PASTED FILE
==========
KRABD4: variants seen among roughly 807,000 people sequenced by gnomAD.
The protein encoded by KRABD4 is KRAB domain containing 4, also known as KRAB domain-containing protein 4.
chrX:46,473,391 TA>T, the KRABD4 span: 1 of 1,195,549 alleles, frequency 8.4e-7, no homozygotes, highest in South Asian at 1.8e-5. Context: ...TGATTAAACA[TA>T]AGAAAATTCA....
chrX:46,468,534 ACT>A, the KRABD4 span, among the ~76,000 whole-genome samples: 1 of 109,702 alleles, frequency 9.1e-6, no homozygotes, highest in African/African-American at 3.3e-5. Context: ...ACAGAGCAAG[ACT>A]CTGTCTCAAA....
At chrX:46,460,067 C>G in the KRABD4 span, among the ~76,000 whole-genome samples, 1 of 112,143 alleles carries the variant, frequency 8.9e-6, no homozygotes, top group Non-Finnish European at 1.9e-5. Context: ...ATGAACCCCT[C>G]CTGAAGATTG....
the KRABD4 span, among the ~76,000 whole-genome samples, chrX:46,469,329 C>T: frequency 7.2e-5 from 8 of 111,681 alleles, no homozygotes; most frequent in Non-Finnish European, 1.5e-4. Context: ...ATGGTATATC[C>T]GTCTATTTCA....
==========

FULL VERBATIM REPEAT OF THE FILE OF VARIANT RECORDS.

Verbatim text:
KRABD4: variants seen among roughly 807,000 people sequenced by gnomAD.
The protein encoded by KRABD4 is KRAB domain containing 4, also known as KRAB domain-containing protein 4.
chrX:46,473,391 TA>T, the KRABD4 span: 1 of 1,195,549 alleles, frequency 8.4e-7, no homozygotes, highest in South Asian at 1.8e-5. Context: ...TGATTAAACA[TA>T]AGAAAATTCA....
chrX:46,468,534 ACT>A, the KRABD4 span, among the ~76,000 whole-genome samples: 1 of 109,702 alleles, frequency 9.1e-6, no homozygotes, highest in African/African-American at 3.3e-5. Context: ...ACAGAGCAAG[ACT>A]CTGTCTCAAA....
At chrX:46,460,067 C>G in the KRABD4 span, among the ~76,000 whole-genome samples, 1 of 112,143 alleles carries the variant, frequency 8.9e-6, no homozygotes, top group Non-Finnish European at 1.9e-5. Context: ...ATGAACCCCT[C>G]CTGAAGATTG....
the KRABD4 span, among the ~76,000 whole-genome samples, chrX:46,469,329 C>T: frequency 7.2e-5 from 8 of 111,681 alleles, no homozygotes; most frequent in Non-Finnish European, 1.5e-4. Context: ...ATGGTATATC[C>T]GTCTATTTCA....